That's become such a cliche phrase that i'm almost tired of hearing it (if that were even possible). The saying itself is truly undeniable. It's not the quote that i'm tired of hearing. It's the context. The context is modern. And, like almost all thoughts modern, it disturbs me.
To understand love, we should also look at pride. Many would think hate is the antonym, but it's actually pride. I honestly believe the Spirit revealed that to me a year or so ago, and the more i read and know of love, the more i understand that it is true.
To love something is to put it first in your life--or at least hold it in high regard (to submit in humility). If you love someone or something, you do what's best for them. If you love someone, you sacrifice some (or all) of your comfort for them. If you love someone, you raise them above yourself. If you love someone, you keep no record of wrongs,
To be prideful is to hold the image of self above all things. Hate is a symptom, but the disease itself is always pride; it is a desire for having your own way (Ever had someone cut you off in traffic? Or how about someone who feels it's their right to meddle in your life? Obviously, your own life is worth so much more than theirs, your time and comfort invaluable by comparison . . . At least that's what i tell myself under such circumstances, and this is a definition of pride, and hate being a single thread of it). The love of money, even, as the "root of all evils," is, again, pride; a craving for more for yourself.
The reason it's so important to understand pride, though, is because to support one thing is to oppose another. That's just a fact, and it will make enemies.
And discipline -how beautiful is the Latin root, discipulus!- is not hate, nor is it pride. Discipline, true and honest in method and motive, is a form of love. In fact, Solomon once said of it, that, "Whoever spares the rod hates his son, but he who loves him is diligent to discipline him." This is because a lack of discipline allows a child to wander a path that the parent knows leads to destruction. How do you keep a child from playing in the street? Incessantly warn them not to, and discipline them when they do. You train them. You disciple them. And then, when they are old, they will teach their children, God-willing, to also not play in the street. This is not cruel, this is love. And this is precisely what God does to us.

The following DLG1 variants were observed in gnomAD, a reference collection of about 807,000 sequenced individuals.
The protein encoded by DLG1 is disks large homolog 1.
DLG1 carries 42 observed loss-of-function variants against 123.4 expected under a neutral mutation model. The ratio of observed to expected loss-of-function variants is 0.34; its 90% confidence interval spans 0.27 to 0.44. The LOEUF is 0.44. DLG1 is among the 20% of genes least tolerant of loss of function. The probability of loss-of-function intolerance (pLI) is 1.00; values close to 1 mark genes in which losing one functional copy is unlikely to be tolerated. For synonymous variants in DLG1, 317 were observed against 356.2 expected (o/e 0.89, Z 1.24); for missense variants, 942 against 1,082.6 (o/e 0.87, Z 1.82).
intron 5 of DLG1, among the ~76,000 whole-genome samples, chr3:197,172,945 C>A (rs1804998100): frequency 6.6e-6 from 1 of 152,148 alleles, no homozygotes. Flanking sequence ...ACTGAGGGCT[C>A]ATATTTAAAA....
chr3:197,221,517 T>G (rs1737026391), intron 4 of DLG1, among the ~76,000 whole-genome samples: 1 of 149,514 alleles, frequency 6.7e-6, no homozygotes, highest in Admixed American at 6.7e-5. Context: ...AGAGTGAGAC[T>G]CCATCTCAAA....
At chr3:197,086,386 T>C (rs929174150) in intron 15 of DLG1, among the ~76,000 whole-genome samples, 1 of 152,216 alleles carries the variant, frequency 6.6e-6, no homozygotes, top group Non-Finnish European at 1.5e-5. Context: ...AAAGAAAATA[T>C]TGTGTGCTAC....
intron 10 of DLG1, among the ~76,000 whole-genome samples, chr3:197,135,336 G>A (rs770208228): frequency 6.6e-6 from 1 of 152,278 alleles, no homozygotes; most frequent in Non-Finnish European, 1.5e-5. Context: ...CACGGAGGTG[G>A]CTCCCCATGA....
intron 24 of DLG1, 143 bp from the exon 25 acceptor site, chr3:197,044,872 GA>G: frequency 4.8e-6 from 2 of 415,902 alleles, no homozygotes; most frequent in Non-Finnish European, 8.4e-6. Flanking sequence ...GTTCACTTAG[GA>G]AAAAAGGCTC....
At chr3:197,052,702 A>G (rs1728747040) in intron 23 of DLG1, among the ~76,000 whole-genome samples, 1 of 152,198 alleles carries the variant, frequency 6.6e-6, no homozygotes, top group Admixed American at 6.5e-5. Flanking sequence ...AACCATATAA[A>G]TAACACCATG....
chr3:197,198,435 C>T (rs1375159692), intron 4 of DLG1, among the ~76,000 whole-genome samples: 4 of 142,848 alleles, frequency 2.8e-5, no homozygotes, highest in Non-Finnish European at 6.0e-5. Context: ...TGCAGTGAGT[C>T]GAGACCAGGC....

Regard your endurance as discipline; God is dealing with you as sons. For what son goes undisciplined by his father? All legitimate sons undergo discipline; so if you don’t, you’re a mamzer (literally: bastard) and not a son! Furthermore, we had physical fathers who disciplined us, and we respected them; how much more should we submit to our spiritual Father and live! For they disciplined us only for a short time and only as best they could; but he disciplines us in a way that provides genuine benefit to us and enables us to share in his holiness. Now, all discipline, while it is happening, does indeed seem painful, not enjoyable; but for those who have been trained by it, it later produces its peaceful fruit, which is righteousness. (Hebrews 12:7-11, CJB)This is why modern ideas disturb me. We have forsaken a selfless and true definition for love and replaced it with, tolerance. If we don't tolerate a behavior, people inevitably think we hate them. When you see someone smoking, if you truly care for them, you will tell them the undeniable, common-sense truth, "That will kill you." That's not bigotry, it's care.
Now, there are several responses, but a common one is, "I'm trying to quit." Sorry, but you'll quit in due time, either because you died, or else because you heeded logic for a change. Yes, it's an addictive drug, but when does an addiction trump life? When you love it. When you love self to the point of pride, and you ignore the feelings of those who love you (in other words, you cease to love them, at least more than you love yourself).
Another common reaction is excessive defense, even to the point of becoming offensive. This is the world's reaction to hearing that sin is doing the same thing to their spirit; they get bitter. Do you think that when i was stuck in an addiction to sin, i enjoyed hearing that it was killing my soul? Of course not. I hated (read: prided myself over...) that kind of message--but it is the Gospel of Christ that says, "Go and sin no more," that led me to repentance. It was discipline that allowed me to become a disciple (two words that are, quite literally, joined at the roots).
I'm all for growth and maturity, and even the evolution of ideas, but at a point we must start over, get back to the basics, stop worrying about offending people--the Lord does offend people. If He didn't, He'd not have been executed. If He didn't offend people, none would hate their sins enough to come to legitimate repentance.
That wasn't a pass to be malicious, but it was an example of how the world will see us, and we must give no credence to the threats and preoccupations of man. For what can man do, after all, but kill the body? This is the beginning of wisdom, that we fear the One who is able to destroy our bodies and throw our souls into Gehenna.